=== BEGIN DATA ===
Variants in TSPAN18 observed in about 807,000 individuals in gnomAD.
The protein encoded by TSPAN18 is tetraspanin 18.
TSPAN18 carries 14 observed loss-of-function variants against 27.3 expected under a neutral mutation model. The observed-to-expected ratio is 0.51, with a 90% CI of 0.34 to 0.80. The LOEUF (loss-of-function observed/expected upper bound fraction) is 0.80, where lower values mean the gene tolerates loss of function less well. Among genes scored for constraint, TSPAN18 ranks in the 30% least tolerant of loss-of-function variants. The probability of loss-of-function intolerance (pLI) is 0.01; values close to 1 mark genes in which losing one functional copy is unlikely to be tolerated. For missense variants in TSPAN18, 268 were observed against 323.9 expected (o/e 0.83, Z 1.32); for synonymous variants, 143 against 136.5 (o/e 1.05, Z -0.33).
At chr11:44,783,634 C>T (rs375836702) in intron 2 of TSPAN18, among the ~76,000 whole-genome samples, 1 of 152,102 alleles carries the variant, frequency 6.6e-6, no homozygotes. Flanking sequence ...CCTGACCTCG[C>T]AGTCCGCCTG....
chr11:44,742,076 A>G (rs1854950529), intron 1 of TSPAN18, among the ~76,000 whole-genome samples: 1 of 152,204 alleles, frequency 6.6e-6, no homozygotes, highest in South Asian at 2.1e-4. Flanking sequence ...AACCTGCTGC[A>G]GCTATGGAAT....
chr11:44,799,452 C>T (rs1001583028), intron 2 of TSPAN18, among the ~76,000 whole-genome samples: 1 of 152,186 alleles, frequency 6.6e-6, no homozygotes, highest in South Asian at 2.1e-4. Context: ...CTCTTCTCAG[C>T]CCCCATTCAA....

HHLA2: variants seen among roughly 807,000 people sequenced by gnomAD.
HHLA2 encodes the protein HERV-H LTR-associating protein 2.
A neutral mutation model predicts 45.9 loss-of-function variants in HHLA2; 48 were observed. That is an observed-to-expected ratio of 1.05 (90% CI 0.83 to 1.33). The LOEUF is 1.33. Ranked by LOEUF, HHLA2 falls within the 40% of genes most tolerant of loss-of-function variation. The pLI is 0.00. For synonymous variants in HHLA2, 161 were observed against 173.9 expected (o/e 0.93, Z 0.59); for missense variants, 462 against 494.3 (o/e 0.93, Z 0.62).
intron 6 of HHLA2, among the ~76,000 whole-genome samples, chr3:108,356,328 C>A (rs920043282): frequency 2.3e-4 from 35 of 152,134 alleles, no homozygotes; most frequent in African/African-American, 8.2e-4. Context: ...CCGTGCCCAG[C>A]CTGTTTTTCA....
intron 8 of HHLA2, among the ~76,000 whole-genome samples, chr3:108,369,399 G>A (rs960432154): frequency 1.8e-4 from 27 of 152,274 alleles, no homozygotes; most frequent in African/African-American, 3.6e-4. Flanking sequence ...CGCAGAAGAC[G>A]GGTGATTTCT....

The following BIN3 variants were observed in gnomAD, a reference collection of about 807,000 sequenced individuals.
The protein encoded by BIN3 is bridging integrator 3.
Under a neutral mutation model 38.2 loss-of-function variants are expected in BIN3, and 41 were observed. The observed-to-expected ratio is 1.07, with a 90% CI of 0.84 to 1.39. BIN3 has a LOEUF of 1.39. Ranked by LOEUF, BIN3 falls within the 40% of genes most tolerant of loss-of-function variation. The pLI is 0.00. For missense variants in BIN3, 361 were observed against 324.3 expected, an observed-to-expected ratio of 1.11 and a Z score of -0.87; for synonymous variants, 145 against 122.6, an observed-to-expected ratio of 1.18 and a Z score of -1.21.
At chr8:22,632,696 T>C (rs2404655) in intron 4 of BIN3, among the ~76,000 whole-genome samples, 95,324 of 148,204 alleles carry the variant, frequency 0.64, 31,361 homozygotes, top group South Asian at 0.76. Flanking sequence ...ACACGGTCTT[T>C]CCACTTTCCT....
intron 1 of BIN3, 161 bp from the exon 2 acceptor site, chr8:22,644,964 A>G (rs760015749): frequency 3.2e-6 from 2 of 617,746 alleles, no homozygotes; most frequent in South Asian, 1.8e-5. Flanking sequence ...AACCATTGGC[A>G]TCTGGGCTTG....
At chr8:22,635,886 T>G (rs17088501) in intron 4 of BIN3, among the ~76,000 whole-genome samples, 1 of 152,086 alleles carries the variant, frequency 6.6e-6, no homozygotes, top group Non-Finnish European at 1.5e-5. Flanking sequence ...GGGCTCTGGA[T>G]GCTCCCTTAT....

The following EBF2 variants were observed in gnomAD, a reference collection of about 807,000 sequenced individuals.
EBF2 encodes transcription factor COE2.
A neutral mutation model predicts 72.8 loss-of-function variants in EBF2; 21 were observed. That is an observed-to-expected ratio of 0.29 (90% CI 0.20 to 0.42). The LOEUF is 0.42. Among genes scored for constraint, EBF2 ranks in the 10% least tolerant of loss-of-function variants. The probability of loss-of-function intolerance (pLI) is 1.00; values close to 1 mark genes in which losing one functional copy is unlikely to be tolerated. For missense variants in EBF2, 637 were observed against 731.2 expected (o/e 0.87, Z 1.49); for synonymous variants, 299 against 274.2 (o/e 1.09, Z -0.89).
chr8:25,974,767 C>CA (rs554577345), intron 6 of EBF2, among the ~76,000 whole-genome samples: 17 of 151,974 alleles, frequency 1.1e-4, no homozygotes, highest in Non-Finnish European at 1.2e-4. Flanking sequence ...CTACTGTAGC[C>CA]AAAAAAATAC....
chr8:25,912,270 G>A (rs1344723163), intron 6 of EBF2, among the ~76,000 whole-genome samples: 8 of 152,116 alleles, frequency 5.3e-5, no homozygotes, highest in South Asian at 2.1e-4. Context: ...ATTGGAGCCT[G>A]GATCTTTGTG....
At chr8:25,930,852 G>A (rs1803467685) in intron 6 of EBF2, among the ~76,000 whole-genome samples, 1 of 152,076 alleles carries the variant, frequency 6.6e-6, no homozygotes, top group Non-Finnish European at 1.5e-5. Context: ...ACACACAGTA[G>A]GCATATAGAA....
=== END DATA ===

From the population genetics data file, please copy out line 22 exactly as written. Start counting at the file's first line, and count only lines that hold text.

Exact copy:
chr8:25,912,270 G>A (rs1344723163), intron 6 of EBF2, among the ~76,000 whole-genome samples: 8 of 152,116 alleles, frequency 5.3e-5, no homozygotes, highest in South Asian at 2.1e-4. Context: ...ATTGGAGCCT[G>A]GATCTTTGTG....